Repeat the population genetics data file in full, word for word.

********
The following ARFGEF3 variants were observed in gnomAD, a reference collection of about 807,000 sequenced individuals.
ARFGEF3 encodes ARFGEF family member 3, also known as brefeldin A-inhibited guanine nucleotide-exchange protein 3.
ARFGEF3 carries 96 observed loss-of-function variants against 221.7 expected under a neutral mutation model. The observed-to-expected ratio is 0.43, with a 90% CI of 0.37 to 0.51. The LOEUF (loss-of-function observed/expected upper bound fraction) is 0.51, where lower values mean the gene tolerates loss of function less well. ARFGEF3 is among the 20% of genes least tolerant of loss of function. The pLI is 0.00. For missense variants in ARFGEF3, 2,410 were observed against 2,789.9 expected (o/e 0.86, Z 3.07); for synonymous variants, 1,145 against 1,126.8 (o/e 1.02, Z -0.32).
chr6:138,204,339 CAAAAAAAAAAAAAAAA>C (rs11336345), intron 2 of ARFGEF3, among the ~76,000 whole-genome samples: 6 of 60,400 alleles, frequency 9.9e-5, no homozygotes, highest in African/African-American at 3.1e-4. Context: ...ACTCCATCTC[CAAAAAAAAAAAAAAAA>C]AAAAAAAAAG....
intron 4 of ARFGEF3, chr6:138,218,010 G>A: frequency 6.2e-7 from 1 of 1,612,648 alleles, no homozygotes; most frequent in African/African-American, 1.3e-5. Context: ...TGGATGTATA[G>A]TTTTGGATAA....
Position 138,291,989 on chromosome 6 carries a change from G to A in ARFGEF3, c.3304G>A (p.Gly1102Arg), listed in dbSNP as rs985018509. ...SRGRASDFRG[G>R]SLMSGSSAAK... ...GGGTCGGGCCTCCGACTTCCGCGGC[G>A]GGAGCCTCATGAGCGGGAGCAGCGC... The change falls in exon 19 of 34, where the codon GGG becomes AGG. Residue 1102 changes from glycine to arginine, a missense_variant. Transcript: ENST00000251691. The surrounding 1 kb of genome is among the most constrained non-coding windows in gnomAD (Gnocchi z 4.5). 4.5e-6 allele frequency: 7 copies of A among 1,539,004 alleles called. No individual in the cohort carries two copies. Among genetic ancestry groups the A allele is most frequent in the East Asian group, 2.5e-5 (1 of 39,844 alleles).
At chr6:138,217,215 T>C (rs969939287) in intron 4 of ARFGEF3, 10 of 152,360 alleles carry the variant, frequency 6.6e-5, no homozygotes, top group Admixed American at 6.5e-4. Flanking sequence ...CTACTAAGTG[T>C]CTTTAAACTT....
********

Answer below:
The following ARFGEF3 variants were observed in gnomAD, a reference collection of about 807,000 sequenced individuals.
ARFGEF3 encodes ARFGEF family member 3, also known as brefeldin A-inhibited guanine nucleotide-exchange protein 3.
ARFGEF3 carries 96 observed loss-of-function variants against 221.7 expected under a neutral mutation model. The observed-to-expected ratio is 0.43, with a 90% CI of 0.37 to 0.51. The LOEUF (loss-of-function observed/expected upper bound fraction) is 0.51, where lower values mean the gene tolerates loss of function less well. ARFGEF3 is among the 20% of genes least tolerant of loss of function. The pLI is 0.00. For missense variants in ARFGEF3, 2,410 were observed against 2,789.9 expected (o/e 0.86, Z 3.07); for synonymous variants, 1,145 against 1,126.8 (o/e 1.02, Z -0.32).
chr6:138,204,339 CAAAAAAAAAAAAAAAA>C (rs11336345), intron 2 of ARFGEF3, among the ~76,000 whole-genome samples: 6 of 60,400 alleles, frequency 9.9e-5, no homozygotes, highest in African/African-American at 3.1e-4. Context: ...ACTCCATCTC[CAAAAAAAAAAAAAAAA>C]AAAAAAAAAG....
intron 4 of ARFGEF3, chr6:138,218,010 G>A: frequency 6.2e-7 from 1 of 1,612,648 alleles, no homozygotes; most frequent in African/African-American, 1.3e-5. Context: ...TGGATGTATA[G>A]TTTTGGATAA....
Position 138,291,989 on chromosome 6 carries a change from G to A in ARFGEF3, c.3304G>A (p.Gly1102Arg), listed in dbSNP as rs985018509. ...SRGRASDFRG[G>R]SLMSGSSAAK... ...GGGTCGGGCCTCCGACTTCCGCGGC[G>A]GGAGCCTCATGAGCGGGAGCAGCGC... The change falls in exon 19 of 34, where the codon GGG becomes AGG. Residue 1102 changes from glycine to arginine, a missense_variant. Transcript: ENST00000251691. The surrounding 1 kb of genome is among the most constrained non-coding windows in gnomAD (Gnocchi z 4.5). 4.5e-6 allele frequency: 7 copies of A among 1,539,004 alleles called. No individual in the cohort carries two copies. Among genetic ancestry groups the A allele is most frequent in the East Asian group, 2.5e-5 (1 of 39,844 alleles).
At chr6:138,217,215 T>C (rs969939287) in intron 4 of ARFGEF3, 10 of 152,360 alleles carry the variant, frequency 6.6e-5, no homozygotes, top group Admixed American at 6.5e-4. Flanking sequence ...CTACTAAGTG[T>C]CTTTAAACTT....